Pursuant to Generally Accepted Accounting Principles (GAAP), companies can estimate their bad debt expense using the allowance method. A common way of applying the allowance method is to estimate the bad debt expense is to analyze an aging Accounts Receivable (AR) report. An aging AR report provides accountants with a comprehensive view of the outstanding receivable balances and the number days they are past due.
Estimate the percent of the AR balance that is uncollectible. To estimate the percent of your company’s current AR balance that is uncollectible, you must analyze the aging AR report. For example, if the AR balance is $1 million, of which $20,000 is more than four months past due, it’s reasonable to estimate that 2 percent of the AR balance will never be collected.
Create the journal entry for your bad debt estimate. Your journal entry must increase the allowance for doubtful accounts, which is a contra-asset account to AR on the balance sheet, and the bad debt expense account, which reduces the company’s net income on the profit and loss statement. Prepare a credit entry to the allowance account to increase the balance and a debit entry to the bad debt expense account.
Reduce the AR balance when debts become worthless. A journal entry is necessary to reduce the balance of the AR account once the company decides to permanently write off an invoice. For example, after eight months of unsuccessful attempts to collect on a $10,000 invoice, the company may decide that it’s time to just write it off. You do this by recording a credit entry to the AR account for $10,000, and a corresponding debit entry to the allowance account.
Increase the AR balance for future collections. If the company eventually recovers all, or part, of the $10,000 invoice, you must make a debit entry to AR for the amount the company collects. You must also make a credit entry of the same amount to the allowance account. The balance in the allowance account reflects the amount of bad debts the company estimates it will write off before the end of the fiscal year. And since the customer ultimately pays the invoice, it’s unnecessary to use up the balance of the allowance account for the invoice.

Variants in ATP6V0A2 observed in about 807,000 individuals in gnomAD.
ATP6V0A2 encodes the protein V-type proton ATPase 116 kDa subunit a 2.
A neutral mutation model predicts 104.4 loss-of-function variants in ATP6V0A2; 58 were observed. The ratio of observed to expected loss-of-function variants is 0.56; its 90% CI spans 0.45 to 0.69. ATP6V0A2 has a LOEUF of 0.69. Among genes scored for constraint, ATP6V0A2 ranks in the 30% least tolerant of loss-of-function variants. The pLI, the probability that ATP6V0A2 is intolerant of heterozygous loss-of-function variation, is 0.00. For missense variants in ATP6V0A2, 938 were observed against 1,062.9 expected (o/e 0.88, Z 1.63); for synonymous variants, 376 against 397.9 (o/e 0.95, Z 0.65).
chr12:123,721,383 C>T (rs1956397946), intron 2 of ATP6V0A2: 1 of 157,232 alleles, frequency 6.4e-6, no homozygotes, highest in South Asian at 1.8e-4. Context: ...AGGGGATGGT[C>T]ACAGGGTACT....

Companies often report a net accounts receivable balance that reports the balance of the AR account, minus the balance of the allowance for doubtful accounts account.
Accountants use allowance for doubtful accounts to record estimates only. However, you never make an entry to the AR account until the company makes a final determination that a specific debt is uncollectible.
- Companies often report a net accounts receivable balance that reports the balance of the AR account, minus the balance of the allowance for doubtful accounts account.
- Accountants use allowance for doubtful accounts to record estimates only. However, you never make an entry to the AR account until the company makes a final determination that a specific debt is uncollectible.
Jeff Franco's professional writing career began in 2010. With expertise in federal taxation, law and accounting, he has published articles in various online publications. Franco holds a Master of Business Administration in accounting and a Master of Science in taxation from Fordham University. He also holds a Juris Doctor from Brooklyn Law School.